Stocks and bonds are financial assets that can yield a profitable return if they are purchased and sold at the right time. To some extent, they are alternatives for each other, and they both have different characteristics.
Info on Bonds
A bond is essentially an IOU. They can be divided into 2 categories; government bonds and corporate bonds. Intuitively, corporate bonds are issued by publicly traded corporations, such as Apple Inc, whereas government bonds are issued by the government or Central Bank. Rating agencies, such as Standard & Poor’s, provide ratings for a range of different financial assets. Their rating provide more information on the security of the asset, and the likelihood that the issuer will default. Bonds, especially those which have been issued by stable governments, are generally seen as very safe investments. However, the returns they generate are usually limited.
Changes in ratings e.g. a company’s bonds downgraded from AAA to BBB, will result in a fall in the value of the bond. This presents investors with an opportunity (they will make a profit if they went short on the bond before the rating was downgraded.)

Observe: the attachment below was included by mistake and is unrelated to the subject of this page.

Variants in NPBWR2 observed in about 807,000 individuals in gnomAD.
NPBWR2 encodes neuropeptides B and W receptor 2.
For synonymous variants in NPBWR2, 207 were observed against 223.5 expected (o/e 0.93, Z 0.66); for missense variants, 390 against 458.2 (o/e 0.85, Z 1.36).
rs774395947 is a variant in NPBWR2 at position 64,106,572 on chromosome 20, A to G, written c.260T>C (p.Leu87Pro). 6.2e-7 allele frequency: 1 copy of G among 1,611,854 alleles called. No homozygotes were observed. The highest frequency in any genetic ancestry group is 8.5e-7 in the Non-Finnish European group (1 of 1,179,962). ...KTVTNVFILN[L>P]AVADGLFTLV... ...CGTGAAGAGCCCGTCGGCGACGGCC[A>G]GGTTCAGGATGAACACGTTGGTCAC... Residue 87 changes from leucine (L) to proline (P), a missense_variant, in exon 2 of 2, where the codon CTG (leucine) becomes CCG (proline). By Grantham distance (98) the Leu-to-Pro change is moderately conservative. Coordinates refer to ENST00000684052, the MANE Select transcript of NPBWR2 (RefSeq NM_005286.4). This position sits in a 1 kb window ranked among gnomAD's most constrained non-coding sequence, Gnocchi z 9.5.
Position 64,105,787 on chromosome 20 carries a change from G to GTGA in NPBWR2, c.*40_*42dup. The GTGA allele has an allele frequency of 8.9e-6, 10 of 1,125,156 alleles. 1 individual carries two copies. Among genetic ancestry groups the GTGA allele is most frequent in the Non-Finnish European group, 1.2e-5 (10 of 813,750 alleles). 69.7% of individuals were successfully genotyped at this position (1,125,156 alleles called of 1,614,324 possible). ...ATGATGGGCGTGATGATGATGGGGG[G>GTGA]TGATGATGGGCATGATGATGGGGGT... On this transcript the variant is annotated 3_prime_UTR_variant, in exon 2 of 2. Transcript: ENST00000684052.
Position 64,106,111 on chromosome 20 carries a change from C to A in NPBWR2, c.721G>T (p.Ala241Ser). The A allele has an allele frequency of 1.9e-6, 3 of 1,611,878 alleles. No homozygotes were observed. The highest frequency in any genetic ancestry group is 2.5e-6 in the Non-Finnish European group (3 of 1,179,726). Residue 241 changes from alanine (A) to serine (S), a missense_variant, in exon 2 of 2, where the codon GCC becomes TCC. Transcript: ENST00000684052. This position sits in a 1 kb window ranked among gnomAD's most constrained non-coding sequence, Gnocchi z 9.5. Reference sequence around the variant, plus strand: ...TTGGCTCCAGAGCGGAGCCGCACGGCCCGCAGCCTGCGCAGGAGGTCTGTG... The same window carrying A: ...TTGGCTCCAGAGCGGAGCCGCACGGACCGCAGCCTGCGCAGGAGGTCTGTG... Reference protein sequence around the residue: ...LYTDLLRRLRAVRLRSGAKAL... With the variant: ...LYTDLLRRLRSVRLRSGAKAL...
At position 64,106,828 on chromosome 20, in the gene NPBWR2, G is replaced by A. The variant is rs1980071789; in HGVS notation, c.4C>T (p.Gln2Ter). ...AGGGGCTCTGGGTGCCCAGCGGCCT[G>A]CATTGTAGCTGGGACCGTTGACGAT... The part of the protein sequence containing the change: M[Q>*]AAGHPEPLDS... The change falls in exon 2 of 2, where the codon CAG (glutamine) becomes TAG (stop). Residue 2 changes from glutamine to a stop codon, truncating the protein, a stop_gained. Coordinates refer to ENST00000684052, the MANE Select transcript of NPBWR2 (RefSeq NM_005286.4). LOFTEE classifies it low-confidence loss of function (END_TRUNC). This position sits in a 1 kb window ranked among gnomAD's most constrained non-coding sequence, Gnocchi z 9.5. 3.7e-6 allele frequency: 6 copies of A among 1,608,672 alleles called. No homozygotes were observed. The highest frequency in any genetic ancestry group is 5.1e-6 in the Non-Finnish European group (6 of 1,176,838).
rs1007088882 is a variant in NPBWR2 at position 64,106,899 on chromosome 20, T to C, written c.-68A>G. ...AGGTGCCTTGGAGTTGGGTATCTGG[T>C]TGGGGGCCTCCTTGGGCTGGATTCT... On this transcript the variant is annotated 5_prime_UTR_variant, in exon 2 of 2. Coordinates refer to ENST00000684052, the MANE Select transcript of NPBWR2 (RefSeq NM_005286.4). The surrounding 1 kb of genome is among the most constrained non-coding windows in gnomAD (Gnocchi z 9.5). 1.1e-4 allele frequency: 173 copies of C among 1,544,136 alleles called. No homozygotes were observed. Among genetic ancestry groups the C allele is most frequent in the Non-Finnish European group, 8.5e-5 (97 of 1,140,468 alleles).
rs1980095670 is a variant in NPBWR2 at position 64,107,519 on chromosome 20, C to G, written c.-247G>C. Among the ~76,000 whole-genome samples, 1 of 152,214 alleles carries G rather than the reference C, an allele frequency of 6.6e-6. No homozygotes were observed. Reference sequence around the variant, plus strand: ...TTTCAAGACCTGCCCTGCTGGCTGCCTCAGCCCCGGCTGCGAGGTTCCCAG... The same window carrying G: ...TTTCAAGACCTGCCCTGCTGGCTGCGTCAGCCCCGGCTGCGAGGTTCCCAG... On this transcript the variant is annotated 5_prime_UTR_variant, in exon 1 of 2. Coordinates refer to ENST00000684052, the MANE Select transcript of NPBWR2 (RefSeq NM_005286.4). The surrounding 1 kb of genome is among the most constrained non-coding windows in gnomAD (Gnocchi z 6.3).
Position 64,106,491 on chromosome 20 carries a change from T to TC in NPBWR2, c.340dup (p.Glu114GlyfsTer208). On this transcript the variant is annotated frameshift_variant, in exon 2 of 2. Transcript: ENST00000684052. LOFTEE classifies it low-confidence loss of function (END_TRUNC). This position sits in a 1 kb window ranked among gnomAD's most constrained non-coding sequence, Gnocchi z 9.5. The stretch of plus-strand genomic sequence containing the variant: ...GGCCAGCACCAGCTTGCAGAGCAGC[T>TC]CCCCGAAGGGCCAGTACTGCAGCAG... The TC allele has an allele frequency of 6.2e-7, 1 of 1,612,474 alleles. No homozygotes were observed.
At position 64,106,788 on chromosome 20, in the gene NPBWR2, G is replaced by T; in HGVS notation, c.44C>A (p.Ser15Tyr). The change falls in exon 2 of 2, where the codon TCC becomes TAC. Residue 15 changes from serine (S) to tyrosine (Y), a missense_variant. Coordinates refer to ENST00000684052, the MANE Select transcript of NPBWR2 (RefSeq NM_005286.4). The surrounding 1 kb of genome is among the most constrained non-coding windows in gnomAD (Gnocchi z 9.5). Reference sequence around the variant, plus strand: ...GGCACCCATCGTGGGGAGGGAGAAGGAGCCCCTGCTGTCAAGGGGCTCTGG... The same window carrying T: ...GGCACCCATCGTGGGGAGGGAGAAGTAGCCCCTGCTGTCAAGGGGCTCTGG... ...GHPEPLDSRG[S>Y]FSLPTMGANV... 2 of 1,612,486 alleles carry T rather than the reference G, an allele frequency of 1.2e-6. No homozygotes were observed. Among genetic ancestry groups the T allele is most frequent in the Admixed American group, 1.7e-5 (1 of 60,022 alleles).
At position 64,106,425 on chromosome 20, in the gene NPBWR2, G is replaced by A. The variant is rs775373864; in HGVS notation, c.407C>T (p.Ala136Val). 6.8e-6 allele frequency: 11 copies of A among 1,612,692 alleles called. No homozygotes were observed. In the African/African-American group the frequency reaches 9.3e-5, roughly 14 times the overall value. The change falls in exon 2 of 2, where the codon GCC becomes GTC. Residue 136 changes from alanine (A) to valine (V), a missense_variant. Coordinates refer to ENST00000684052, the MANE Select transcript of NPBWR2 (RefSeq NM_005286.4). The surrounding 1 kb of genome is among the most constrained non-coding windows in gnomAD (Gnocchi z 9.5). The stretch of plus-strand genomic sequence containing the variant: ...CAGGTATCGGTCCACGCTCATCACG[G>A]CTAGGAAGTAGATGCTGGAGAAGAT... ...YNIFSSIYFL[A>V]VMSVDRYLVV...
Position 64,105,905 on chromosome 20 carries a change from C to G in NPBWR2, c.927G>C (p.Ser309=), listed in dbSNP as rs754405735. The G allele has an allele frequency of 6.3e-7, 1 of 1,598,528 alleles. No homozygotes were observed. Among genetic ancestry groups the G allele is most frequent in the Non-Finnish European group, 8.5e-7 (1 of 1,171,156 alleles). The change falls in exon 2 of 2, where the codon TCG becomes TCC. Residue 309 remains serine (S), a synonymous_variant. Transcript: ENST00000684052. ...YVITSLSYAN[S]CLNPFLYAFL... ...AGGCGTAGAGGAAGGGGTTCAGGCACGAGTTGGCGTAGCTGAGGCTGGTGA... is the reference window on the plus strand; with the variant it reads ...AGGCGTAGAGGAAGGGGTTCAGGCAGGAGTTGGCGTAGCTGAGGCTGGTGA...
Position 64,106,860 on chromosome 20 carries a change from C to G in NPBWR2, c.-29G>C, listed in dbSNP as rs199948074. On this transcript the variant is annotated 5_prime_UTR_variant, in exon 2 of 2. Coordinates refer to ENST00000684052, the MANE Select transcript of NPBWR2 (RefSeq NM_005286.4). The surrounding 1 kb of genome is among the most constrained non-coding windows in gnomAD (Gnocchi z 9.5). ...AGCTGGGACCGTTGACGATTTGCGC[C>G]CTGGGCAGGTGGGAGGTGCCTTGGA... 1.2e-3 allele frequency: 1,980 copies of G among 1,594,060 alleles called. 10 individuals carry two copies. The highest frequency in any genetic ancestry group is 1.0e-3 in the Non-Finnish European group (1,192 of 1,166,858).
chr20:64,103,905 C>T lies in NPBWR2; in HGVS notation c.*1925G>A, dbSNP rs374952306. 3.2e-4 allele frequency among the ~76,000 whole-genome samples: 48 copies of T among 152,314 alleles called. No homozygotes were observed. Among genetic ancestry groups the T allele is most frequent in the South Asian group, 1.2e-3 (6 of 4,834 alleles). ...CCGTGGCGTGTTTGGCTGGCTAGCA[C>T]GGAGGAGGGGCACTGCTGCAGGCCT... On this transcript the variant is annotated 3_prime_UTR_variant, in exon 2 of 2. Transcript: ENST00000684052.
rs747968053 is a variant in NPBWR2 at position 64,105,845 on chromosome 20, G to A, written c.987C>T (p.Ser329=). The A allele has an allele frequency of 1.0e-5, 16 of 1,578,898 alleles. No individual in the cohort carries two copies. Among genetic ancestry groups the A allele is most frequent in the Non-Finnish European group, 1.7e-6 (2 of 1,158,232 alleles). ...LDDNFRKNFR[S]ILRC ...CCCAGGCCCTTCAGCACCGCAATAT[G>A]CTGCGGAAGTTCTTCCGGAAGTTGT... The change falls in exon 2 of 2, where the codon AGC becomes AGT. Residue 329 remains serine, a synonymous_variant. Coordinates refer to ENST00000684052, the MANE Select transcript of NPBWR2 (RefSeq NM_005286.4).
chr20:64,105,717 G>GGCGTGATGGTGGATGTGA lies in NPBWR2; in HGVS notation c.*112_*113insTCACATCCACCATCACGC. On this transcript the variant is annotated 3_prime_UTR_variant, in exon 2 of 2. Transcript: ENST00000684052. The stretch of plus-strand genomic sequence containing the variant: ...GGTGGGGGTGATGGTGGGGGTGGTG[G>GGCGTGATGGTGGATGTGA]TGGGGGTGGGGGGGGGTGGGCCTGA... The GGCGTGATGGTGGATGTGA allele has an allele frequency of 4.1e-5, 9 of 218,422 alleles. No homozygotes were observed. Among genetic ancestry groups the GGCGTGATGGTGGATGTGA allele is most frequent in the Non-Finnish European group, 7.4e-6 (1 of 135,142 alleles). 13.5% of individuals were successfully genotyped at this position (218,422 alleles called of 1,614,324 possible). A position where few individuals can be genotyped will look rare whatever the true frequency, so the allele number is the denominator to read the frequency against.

Other than selling them for capital gains, you can generate revenue from owning a bond in other ways. A bond has a maturity date, and on that date, the firm or government who issued it pays the owner a coupon (this is the equivalent of a dividend.)
Info on Stocks
An investor can purchase a share in a publicly traded company, giving him/her a vote at the firm’s annual general meeting (AGM) and a share of the profits (a dividend.)
The average finance enthusiast will probably know a lot more about stocks than bonds. However, there are a few common misconceptions regarding stocks. For example, although owning a stock can result in a dividend payment, not all corporations pay out dividends regularly (they may not generate a profit, or, they may choose to use profits in another way e.g. reinvesting.)
Stocks are typically riskier viewed as risky investments, and they tend to offer higher financial rewards for their ownership (in comparison to more stable assets.) The asset which suits you best is dependent on your circumstances and financial goals.